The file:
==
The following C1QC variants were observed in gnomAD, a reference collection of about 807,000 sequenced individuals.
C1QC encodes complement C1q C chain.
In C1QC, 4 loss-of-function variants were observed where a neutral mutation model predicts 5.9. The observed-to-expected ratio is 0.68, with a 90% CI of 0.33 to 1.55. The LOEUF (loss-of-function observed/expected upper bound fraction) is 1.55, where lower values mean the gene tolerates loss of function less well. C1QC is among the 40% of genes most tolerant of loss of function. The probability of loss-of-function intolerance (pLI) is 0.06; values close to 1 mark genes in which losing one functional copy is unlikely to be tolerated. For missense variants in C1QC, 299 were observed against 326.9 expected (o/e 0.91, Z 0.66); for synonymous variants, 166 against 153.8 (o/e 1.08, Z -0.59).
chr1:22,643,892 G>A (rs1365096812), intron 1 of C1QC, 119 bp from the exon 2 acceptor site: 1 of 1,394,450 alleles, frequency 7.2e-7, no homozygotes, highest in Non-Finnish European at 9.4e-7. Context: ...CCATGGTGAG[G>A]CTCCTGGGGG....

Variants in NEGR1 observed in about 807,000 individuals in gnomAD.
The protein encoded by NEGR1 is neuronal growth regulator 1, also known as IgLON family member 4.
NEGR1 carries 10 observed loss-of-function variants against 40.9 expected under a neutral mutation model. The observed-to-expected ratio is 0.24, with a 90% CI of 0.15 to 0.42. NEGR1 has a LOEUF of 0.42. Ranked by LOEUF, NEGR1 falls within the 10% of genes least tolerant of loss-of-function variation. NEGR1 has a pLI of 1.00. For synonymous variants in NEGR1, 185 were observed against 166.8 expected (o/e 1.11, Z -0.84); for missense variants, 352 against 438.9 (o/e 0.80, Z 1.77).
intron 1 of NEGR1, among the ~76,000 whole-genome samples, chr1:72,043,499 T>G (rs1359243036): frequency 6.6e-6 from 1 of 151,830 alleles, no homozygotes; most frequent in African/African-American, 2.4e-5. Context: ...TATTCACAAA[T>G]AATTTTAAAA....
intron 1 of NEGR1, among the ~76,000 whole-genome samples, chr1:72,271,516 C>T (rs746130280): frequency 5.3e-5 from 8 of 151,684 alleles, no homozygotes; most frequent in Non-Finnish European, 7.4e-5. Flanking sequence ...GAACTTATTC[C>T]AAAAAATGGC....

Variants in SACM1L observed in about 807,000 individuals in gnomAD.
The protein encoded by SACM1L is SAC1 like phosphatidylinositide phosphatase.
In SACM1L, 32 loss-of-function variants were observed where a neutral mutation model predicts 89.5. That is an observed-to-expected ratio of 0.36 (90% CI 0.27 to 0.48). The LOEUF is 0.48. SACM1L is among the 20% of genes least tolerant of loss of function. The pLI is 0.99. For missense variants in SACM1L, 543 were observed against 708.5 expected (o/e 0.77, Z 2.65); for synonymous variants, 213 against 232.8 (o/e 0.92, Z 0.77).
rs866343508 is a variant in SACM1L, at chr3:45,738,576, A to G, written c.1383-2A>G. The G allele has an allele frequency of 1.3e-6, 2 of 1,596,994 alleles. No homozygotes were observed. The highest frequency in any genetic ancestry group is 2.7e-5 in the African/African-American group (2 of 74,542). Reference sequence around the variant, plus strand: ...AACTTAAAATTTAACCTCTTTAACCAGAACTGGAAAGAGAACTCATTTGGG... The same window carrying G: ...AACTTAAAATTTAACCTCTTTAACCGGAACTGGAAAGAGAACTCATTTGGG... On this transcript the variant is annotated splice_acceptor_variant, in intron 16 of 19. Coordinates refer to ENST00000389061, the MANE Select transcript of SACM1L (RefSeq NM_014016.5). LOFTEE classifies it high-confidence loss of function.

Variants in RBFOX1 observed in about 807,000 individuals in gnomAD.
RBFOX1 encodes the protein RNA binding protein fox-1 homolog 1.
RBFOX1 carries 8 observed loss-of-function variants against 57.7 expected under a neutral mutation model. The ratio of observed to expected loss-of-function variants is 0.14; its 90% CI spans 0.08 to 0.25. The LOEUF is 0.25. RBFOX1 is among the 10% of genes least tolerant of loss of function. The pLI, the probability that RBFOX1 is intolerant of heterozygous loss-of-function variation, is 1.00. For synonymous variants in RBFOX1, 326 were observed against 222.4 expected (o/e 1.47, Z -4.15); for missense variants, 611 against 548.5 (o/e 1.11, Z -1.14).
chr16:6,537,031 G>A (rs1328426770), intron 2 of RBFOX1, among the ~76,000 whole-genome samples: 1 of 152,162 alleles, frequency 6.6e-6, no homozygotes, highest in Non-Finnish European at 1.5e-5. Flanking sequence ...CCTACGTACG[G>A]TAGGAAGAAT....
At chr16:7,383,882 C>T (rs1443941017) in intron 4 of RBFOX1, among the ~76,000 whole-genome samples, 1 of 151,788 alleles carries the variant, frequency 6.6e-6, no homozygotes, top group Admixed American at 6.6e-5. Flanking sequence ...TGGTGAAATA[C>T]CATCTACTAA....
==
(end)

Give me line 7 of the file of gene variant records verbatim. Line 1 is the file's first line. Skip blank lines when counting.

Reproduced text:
NEGR1 carries 10 observed loss-of-function variants against 40.9 expected under a neutral mutation model. The observed-to-expected ratio is 0.24, with a 90% CI of 0.15 to 0.42. NEGR1 has a LOEUF of 0.42. Ranked by LOEUF, NEGR1 falls within the 10% of genes least tolerant of loss-of-function variation. NEGR1 has a pLI of 1.00. For synonymous variants in NEGR1, 185 were observed against 166.8 expected (o/e 1.11, Z -0.84); for missense variants, 352 against 438.9 (o/e 0.80, Z 1.77).